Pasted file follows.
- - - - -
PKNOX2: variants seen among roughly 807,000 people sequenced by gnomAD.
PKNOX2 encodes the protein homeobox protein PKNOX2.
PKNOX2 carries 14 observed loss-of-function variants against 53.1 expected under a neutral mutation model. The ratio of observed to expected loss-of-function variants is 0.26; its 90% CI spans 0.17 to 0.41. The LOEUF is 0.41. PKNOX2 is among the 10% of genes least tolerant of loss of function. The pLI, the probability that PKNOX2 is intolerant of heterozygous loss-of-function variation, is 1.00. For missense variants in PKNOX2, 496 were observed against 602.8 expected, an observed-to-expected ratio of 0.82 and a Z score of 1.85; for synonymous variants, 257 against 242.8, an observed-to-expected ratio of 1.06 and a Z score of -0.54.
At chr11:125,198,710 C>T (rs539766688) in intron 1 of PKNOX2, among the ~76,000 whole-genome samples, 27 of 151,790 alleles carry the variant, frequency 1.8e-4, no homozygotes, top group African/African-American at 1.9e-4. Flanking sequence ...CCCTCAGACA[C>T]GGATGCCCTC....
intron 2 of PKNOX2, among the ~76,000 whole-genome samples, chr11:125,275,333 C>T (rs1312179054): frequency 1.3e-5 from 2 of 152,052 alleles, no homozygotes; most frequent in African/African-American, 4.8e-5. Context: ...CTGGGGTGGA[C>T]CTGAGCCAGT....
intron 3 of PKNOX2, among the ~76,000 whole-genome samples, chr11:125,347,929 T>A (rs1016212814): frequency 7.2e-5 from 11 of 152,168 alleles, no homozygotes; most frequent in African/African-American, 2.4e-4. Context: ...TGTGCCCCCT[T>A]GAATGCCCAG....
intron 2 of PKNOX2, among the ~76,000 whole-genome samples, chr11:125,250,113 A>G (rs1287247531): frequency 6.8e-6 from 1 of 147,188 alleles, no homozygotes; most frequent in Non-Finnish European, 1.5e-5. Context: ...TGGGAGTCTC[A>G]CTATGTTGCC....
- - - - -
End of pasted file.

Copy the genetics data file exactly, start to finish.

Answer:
PKNOX2: variants seen among roughly 807,000 people sequenced by gnomAD.
PKNOX2 encodes the protein homeobox protein PKNOX2.
PKNOX2 carries 14 observed loss-of-function variants against 53.1 expected under a neutral mutation model. The ratio of observed to expected loss-of-function variants is 0.26; its 90% CI spans 0.17 to 0.41. The LOEUF is 0.41. PKNOX2 is among the 10% of genes least tolerant of loss of function. The pLI, the probability that PKNOX2 is intolerant of heterozygous loss-of-function variation, is 1.00. For missense variants in PKNOX2, 496 were observed against 602.8 expected, an observed-to-expected ratio of 0.82 and a Z score of 1.85; for synonymous variants, 257 against 242.8, an observed-to-expected ratio of 1.06 and a Z score of -0.54.
At chr11:125,198,710 C>T (rs539766688) in intron 1 of PKNOX2, among the ~76,000 whole-genome samples, 27 of 151,790 alleles carry the variant, frequency 1.8e-4, no homozygotes, top group African/African-American at 1.9e-4. Flanking sequence ...CCCTCAGACA[C>T]GGATGCCCTC....
intron 2 of PKNOX2, among the ~76,000 whole-genome samples, chr11:125,275,333 C>T (rs1312179054): frequency 1.3e-5 from 2 of 152,052 alleles, no homozygotes; most frequent in African/African-American, 4.8e-5. Context: ...CTGGGGTGGA[C>T]CTGAGCCAGT....
intron 3 of PKNOX2, among the ~76,000 whole-genome samples, chr11:125,347,929 T>A (rs1016212814): frequency 7.2e-5 from 11 of 152,168 alleles, no homozygotes; most frequent in African/African-American, 2.4e-4. Context: ...TGTGCCCCCT[T>A]GAATGCCCAG....
intron 2 of PKNOX2, among the ~76,000 whole-genome samples, chr11:125,250,113 A>G (rs1287247531): frequency 6.8e-6 from 1 of 147,188 alleles, no homozygotes; most frequent in Non-Finnish European, 1.5e-5. Context: ...TGGGAGTCTC[A>G]CTATGTTGCC....